Saturday, January 5, 2008
PRIMARIES VS. CAUCUSES
In the summer of every presidential election year, political parties in the United States typically conduct national conventions to choose their presidential candidates. At the conventions, the presidential candidates are selected by groups of delegates from each state. After a series of speeches and demonstrations in support of each candidate, the delegates begin to vote, state-by-state, for the candidate of their choice. The first candidate to receive a preset majority number of delegate votes becomes the party’s presidential candidate. The candidate selected to run for president then selects a vice presidential candidate.
Delegates to the national conventions are selected at the state level, according to rules and formulas determined by each political party’s state committee. While these rules and formulas can change from state-to-state and from year-to-year, there remain two methods by which the states choose their delegates to the national conventions: the caucus and the primary.
Caucuses are simply meetings, open to all registered voters of the party, at which delegates to the party’s national convention are selected. When the caucus begins, the voters in attendance divide themselves into groups according to the candidate they support. The undecided voters congregate into their own group and prepare to be “courted” by supporters of other candidates.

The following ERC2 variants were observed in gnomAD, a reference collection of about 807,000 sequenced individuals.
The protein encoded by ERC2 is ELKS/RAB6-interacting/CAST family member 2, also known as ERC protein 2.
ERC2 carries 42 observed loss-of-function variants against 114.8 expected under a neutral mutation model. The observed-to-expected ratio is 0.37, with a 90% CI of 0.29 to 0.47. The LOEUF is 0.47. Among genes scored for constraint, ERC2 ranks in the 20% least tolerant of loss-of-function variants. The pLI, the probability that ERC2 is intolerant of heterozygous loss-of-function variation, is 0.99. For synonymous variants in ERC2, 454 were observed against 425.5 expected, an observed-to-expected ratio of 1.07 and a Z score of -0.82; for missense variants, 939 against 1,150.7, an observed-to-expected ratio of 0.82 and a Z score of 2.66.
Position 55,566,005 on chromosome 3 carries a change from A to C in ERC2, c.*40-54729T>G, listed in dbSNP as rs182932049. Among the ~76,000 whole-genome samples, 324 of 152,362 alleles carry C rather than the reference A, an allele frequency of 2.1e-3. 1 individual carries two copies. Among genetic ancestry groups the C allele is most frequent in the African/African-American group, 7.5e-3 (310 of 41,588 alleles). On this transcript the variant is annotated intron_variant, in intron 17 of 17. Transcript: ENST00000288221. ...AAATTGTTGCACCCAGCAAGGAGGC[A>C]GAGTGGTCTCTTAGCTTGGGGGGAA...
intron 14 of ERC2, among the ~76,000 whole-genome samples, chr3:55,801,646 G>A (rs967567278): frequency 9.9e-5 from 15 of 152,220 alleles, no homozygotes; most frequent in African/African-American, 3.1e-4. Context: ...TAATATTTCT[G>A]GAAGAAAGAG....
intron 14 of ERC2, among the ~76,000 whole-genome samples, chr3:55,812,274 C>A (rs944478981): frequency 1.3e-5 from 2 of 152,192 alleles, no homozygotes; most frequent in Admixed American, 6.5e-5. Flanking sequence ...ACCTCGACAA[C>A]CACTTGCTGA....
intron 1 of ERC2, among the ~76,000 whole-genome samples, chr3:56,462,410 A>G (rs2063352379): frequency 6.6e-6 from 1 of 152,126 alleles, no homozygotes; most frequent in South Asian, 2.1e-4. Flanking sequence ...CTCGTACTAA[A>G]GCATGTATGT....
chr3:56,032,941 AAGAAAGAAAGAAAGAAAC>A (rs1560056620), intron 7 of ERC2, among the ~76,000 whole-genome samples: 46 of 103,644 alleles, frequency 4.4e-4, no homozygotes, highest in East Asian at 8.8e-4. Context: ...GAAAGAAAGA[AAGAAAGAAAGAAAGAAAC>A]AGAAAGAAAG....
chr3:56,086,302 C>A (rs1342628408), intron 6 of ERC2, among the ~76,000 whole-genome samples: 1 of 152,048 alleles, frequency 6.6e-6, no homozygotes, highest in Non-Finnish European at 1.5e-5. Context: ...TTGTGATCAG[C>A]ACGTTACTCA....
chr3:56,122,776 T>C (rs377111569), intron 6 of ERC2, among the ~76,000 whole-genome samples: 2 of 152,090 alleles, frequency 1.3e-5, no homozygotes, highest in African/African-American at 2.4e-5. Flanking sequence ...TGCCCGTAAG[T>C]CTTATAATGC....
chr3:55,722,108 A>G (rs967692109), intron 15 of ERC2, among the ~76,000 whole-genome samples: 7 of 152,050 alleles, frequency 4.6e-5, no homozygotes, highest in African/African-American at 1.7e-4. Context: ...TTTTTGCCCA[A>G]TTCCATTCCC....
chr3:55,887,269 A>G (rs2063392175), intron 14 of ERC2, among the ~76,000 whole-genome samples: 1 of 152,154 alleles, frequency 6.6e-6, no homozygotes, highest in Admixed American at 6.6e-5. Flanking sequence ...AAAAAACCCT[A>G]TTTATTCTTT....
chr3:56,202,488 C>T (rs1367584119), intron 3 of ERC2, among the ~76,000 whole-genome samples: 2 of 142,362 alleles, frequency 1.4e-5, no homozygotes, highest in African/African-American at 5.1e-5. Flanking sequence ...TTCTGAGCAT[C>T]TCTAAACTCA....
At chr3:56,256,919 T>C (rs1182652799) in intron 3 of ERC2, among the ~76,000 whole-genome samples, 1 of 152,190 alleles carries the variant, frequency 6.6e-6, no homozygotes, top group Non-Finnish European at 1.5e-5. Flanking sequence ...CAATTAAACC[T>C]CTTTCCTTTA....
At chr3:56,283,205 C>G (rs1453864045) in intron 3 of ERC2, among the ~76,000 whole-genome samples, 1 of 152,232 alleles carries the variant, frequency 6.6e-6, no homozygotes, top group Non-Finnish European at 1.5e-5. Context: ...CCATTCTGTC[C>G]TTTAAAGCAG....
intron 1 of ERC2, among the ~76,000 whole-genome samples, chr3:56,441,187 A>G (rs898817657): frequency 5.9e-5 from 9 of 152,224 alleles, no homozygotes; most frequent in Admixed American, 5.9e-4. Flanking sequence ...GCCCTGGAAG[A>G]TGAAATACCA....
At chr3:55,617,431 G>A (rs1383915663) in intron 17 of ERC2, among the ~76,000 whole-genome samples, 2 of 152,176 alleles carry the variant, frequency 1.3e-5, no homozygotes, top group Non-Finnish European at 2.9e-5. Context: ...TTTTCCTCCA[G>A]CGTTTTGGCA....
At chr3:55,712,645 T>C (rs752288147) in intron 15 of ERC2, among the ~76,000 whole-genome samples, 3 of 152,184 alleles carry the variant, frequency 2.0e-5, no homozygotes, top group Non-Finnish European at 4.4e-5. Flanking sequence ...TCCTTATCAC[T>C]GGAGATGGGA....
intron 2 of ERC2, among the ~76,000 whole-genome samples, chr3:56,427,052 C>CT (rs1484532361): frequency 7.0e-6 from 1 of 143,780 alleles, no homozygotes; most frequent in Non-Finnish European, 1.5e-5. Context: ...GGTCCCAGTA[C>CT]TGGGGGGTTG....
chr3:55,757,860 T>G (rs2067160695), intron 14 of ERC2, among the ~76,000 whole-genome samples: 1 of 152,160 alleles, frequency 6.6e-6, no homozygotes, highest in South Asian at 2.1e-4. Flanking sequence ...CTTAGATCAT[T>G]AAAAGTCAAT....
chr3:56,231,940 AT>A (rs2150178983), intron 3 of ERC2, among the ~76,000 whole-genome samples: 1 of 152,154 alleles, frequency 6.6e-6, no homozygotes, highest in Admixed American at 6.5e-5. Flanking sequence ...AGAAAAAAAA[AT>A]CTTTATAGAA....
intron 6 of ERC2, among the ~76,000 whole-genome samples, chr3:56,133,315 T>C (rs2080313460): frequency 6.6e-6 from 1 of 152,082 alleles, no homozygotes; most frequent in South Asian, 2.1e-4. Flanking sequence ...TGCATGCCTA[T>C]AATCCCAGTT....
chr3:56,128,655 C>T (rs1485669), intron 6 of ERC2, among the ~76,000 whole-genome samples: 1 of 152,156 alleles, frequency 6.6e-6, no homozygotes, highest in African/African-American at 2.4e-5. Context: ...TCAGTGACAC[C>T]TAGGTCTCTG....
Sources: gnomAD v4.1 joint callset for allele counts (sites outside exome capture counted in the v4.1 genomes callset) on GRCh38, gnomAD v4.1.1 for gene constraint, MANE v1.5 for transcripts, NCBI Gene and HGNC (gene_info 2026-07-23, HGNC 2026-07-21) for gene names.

Voters in each group are then invited to give speeches supporting their candidate and trying to persuade others to join their group. At the end of the caucus, party organizers count the voters in each candidate’s group and calculate how many delegates to the county convention each candidate has won.
The caucus process can produce delegates who are bound or “pledged” to vote for the primary winner in voting at the national convention. In other states, some or all delegates are “unpledged” and free to vote for any candidate they wish at the convention.
In states holding them, presidential primary elections are open to all registered voters.
Just like in general elections, voting is done through a secret ballot. Voters may choose from among all registered candidates and write-ins are counted. There are two types of primaries, closed and open. In a closed primary, voters may vote only in the primary of the political party in which they registered. For example, a voter who registered as a Republican can only vote in the Republican primary. In an open primary, registered voters can vote in the primary of either party, but are allowed to vote in only one primary. Most states hold closed primaries. Primary elections also vary in what names appear on their ballots. Most states hold presidential preference primaries, in which the actual presidential candidates’ names appear on the ballot. In other states, only the names of convention delegates appear on the ballot. Delegates may state their support for a candidate or declare themselves to be uncommitted.
As in the caucuses, the primary process can produce both pledged and unpledged convention delegates, depending on the party rules of the various states.
~we're the warriors they write epics about~